1. Absolutely! I don’t think crowds are fun in almost any situation. It takes so much energy to be a nice person. I can’t decide if it’s good they have plenty of alcohol in these places, or if that adds to the problem!

  9. Nooooooo my aim in life is never ever to visit another water park or the ilk…Lizard brain..I don’t apologise or feel bad I just move on and vow never, ever to visit again 🙂

    1. Ha! I hear you! I think the challenge of sparse resources–whether it’s chairs in a waterpark or jostling each other in line waiting for a churro, it’s hard to keep our cool. Thanks so much for reading, Carol!

  10. I think my lizard brain pops out when people can’t queue properly. I get incredibly stressed and pissed off when people cut in line. Those are the times when I am far meaner than normal me thinks I am! 🙁

    p.s. that sounds like great fun for the kids, but sooo hard work for you all!!

    1. That line thing is definitely a stressor! When everyone is waiting and someone doesn’t follow the rules, I definitely don’t love that. I didn’t mention it in the post, but while we were walking through the many bodies in the waterpark this family right in front of us and right in the walkway decided it was the perfect place to gather and put on their shoes–forcing everyone else to go around them. I couldn’t help myself–I said, “Probably not the BEST place to do that.” I have no idea what I hoped to accomplish with that. What did I hope they’d say, “Oh, thank you, Angela. You’re so wise.” More likely I’d get a dirty look! My lizard had a field day at the waterpark for sure. Best to avoid them in future methinks. 🙂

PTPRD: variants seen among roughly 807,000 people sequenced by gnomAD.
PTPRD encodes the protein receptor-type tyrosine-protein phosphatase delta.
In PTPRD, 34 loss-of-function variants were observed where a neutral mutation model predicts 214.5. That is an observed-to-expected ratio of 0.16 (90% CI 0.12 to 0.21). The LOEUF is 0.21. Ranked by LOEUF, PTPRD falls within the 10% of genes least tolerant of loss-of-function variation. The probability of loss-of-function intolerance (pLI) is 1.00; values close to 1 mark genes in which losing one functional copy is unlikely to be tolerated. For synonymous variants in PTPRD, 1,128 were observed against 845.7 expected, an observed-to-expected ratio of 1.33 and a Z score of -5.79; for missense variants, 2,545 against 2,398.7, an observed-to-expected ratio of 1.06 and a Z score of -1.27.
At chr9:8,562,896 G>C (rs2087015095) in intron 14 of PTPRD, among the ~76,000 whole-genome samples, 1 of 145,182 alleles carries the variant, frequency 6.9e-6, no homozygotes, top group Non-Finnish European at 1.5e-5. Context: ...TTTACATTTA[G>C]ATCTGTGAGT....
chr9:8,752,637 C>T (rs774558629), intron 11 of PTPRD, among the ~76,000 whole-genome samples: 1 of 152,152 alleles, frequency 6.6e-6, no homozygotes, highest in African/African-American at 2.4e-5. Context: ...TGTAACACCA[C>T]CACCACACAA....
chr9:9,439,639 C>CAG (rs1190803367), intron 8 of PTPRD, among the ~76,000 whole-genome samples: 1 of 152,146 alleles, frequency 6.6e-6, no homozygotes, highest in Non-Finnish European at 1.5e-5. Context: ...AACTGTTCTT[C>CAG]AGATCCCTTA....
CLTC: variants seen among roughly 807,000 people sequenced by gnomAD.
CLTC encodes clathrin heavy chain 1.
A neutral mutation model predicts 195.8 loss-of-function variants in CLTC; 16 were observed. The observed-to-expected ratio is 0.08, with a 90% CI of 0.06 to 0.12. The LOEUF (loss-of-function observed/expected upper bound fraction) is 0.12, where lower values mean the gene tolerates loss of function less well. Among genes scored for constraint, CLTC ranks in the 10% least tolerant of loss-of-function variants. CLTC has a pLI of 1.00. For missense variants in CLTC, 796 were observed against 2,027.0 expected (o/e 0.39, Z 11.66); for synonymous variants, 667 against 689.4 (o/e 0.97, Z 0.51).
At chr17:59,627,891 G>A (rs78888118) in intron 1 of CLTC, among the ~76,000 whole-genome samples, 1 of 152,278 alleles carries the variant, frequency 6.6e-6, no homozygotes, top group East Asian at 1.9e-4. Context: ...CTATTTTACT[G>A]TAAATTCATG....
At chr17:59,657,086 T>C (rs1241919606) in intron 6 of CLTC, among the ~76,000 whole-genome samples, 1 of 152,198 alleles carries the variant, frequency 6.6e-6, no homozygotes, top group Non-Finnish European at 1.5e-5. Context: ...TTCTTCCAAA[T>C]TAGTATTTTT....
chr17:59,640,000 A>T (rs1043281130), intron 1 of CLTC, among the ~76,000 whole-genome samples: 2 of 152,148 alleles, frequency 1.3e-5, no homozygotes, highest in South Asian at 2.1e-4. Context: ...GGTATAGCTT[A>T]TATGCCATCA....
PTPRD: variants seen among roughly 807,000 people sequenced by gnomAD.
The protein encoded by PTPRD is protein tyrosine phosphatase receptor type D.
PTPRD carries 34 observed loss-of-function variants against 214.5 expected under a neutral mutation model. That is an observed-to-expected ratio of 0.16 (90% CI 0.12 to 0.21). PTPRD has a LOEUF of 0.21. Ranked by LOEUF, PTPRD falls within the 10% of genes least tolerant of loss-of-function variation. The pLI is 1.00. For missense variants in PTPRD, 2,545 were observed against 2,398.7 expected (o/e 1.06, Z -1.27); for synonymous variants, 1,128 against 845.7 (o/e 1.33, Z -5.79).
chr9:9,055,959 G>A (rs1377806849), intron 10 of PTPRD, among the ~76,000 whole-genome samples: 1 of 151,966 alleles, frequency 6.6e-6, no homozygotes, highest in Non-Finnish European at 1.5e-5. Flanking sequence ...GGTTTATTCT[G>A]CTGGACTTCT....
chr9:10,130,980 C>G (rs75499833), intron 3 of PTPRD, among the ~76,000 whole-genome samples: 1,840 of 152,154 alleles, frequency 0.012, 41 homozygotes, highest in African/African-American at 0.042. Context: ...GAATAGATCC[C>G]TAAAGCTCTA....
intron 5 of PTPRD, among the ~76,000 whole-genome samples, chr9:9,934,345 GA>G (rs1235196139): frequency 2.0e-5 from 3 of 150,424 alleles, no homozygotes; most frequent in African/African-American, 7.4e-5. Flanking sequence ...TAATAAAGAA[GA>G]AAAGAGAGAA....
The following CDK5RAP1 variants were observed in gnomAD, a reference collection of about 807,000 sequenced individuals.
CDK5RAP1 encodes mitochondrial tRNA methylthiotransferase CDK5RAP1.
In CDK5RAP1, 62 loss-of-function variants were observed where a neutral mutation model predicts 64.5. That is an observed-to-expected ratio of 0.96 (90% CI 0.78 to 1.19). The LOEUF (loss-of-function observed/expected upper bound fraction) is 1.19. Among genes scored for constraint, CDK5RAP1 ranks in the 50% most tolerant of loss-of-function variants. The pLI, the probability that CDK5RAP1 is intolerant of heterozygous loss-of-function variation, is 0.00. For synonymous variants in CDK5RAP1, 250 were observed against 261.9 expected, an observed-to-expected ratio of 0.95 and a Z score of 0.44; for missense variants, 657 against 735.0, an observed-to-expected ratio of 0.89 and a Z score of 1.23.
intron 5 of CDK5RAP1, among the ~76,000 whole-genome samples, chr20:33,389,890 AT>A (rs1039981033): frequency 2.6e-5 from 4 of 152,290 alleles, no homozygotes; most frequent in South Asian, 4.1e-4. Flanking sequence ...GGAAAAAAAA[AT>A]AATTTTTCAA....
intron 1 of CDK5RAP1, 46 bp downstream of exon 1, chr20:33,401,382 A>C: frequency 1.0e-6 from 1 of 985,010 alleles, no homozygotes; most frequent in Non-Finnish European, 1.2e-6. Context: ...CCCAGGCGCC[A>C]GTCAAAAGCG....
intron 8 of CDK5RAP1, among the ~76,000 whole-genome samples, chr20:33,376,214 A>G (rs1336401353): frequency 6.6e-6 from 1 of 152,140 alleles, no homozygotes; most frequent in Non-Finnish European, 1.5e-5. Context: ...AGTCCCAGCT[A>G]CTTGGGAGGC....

11. I went to Noah’s Ark at Wisconsin Dells this past summer with my oldest – this whole experience definitely resonated with me!

    Generally what brings out my lizard brain are situations that crop up regularly in a concentrated amount of time. Toddler has 3 accidents in 1 morning, I find myself calling the same medical billing office to get them to do their jobs every month for almost 2 years, or the 4th person cuts me off on my 15 minute commute.

    1. Oh man–those are definitely Lizard Brain worthy. Excellent examples. I wonder if I could figure out who to short-circuit those moments so I don’t lose it. Any strategies that have worked for you?